Manufacturing index rises slightly in May from April
The purchasing manufacturers' index rose to 43.1% in May, but the general mood remains cautious and uncertain as COVID-19 continues to cause havoc on global supply chains.
The overall manufacturing economy improved slightly from April to May It had recorded growth for almost 11 straight years until last month say the nation’s supply executives in the latest Manufacturing ISM Report On Business.
Timothy R. Fiore, CPSM, C.P.M., chair of the Institute for Supply Management (ISM) manufacturing business survey committee said in a press release: “The May PMI registered 43.1%, up 1.6 percentage points from the April reading of 41.5%. This figure indicates expansion in the overall economy after April’s contraction, which ended a period of 131 consecutive months of growth.” New orders and production reported increases compared to last month. So did employment, which is an encouraging sign given the general unemployment rate in the United States.
“Three months into the manufacturing disruption caused by the coronavirus (COVID-19) pandemic, comments from the panel were cautious (two cautious comments for every one optimistic comment) regarding the near-term outlook,” Fiore said. “As was the case in April, the PMI indicates a level of manufacturing-sector contraction not seen since April 2009; however, the trajectory improved.”
Even with this news, the road remains an uncertain one. “The coronavirus pandemic impacted all manufacturing sectors for the third straight month. May appears to be a transition month, as many panelists and their suppliers returned to work late in the month. However, demand remains uncertain, likely impacting inventories, customer inventories, employment, imports and backlog of orders,” Fiore said. Only a third of the 18 manufacturing industries reported growth in May whole 11 reported contraction.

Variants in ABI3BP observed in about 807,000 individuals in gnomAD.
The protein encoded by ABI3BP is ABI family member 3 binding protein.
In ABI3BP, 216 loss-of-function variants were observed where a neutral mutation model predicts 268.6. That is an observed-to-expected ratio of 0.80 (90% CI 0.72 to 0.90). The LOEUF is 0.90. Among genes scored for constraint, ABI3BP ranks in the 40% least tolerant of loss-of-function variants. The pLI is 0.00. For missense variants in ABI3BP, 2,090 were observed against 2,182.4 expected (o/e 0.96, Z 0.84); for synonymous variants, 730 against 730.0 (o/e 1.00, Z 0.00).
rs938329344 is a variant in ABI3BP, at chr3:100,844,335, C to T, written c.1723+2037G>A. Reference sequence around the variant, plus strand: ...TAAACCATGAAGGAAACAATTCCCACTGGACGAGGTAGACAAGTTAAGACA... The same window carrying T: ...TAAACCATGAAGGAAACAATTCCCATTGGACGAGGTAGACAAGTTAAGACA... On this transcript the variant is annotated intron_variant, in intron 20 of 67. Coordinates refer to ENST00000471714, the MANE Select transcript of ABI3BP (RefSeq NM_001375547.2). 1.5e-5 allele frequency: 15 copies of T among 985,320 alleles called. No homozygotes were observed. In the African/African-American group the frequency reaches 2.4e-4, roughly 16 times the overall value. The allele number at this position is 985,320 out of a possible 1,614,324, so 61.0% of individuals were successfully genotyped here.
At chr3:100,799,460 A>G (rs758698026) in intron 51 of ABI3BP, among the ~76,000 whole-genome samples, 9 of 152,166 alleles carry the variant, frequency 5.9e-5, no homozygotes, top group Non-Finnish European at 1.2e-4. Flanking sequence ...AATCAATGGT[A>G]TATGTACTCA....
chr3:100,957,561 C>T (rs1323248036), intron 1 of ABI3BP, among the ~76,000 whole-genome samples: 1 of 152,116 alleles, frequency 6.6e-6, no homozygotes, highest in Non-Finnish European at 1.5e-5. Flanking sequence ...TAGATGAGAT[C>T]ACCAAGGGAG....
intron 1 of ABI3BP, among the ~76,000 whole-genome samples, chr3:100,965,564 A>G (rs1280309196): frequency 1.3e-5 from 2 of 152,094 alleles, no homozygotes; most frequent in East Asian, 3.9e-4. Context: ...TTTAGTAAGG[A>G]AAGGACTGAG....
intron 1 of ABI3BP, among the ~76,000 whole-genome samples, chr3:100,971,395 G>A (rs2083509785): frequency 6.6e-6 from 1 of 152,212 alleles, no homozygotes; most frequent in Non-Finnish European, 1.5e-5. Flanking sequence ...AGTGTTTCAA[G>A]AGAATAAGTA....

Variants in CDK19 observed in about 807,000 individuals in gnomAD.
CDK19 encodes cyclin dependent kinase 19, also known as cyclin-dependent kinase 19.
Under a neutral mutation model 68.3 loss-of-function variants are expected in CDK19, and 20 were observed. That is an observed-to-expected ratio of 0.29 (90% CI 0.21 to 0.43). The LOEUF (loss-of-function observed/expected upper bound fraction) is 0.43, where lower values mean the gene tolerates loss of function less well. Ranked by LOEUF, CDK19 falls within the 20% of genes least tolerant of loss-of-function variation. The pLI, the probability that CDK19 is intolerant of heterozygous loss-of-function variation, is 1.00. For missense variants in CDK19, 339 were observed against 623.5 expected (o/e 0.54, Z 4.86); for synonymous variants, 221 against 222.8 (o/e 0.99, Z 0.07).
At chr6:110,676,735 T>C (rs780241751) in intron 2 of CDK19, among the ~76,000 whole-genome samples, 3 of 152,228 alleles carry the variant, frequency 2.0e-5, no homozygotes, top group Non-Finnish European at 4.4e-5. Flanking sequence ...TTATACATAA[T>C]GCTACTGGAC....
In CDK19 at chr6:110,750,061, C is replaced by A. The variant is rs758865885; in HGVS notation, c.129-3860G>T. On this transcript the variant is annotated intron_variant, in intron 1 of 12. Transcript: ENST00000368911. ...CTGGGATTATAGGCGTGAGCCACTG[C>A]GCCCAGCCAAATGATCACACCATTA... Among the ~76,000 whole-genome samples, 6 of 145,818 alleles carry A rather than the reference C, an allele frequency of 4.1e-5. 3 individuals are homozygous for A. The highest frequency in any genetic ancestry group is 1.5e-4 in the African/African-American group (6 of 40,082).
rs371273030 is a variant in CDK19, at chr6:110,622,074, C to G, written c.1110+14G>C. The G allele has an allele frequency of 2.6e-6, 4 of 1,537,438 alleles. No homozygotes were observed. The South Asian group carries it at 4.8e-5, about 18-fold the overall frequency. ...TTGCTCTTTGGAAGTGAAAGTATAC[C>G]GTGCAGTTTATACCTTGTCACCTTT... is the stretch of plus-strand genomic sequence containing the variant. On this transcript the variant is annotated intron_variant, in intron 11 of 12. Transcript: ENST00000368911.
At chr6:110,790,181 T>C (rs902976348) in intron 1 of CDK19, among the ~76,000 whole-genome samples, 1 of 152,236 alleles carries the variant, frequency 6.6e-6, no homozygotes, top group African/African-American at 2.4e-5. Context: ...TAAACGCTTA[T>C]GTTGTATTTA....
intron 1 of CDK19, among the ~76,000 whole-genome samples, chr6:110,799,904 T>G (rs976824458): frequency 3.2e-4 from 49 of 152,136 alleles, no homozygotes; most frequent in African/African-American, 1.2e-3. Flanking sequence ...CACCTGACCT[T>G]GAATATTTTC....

What respondents are saying:
- “Despite the COVID-19 issues, we are seeing an increase of quoting activity. This has not turned into orders yet, but it is a positive sign.” (Computer & electronic products)
- “Current conditions in the automotive, construction, oil and gas, agriculture equipment, and tube/pipe markets are all adversely impacting our business results.” (Chemical products)
- “We see an issue with suppliers that are affecting production. At the same time, social distancing measures in [the] manufacturing plant and customer demand are impacting the rate of production.” (Transportation equipment)
- “Increased COVID-19 sales in the food business has really stressed our production capabilities.” (Food, beverage & tobacco products)
- “Fuel sales demand are beginning to rebound in May as stay-at-home orders are lifted across the country.” (Petroleum & coal products)
- “Returning to full production for automotive, ramp-up will still depend on speed of automotive start-ups. We have built up inventory to stock. Ready to ship.” (Fabricated metal products)
- “Business activity remains strong for consumable applications and very weak in durable segments.” (Plastics & rubber products)
- “We have been fortunate that most of our customer base is considered to be a part of the critical workforce, so we have been running at around 80 percent of our normal production volume.” (Primary metals)
- “Getting out from under several suppliers being closed worldwide. Also, looking at what really needs to be in China.” (Machinery)
- “We see a lot of positive signs, despite what’s going on. People seem to continue to be building and looking to projects for fall of 2020 and beyond. There is good optimism out there.” (Nonmetallic mineral products)
ISM explains, “A PMI reading above 50 percent indicates that the manufacturing economy is generally expanding; below 50 percent indicates that it is generally declining. A PMI above 42.8 percent, over a period of time, indicates that the overall economy, or gross domestic product (GDP), is generally expanding; below 42.8 percent, it is generally declining. The distance from 50 percent or 42.8 percent is indicative of the extent of the expansion or decline.”
Edited by Chris Vavra, associate editor, Control Engineering, CFE Media and Technology, email@example.com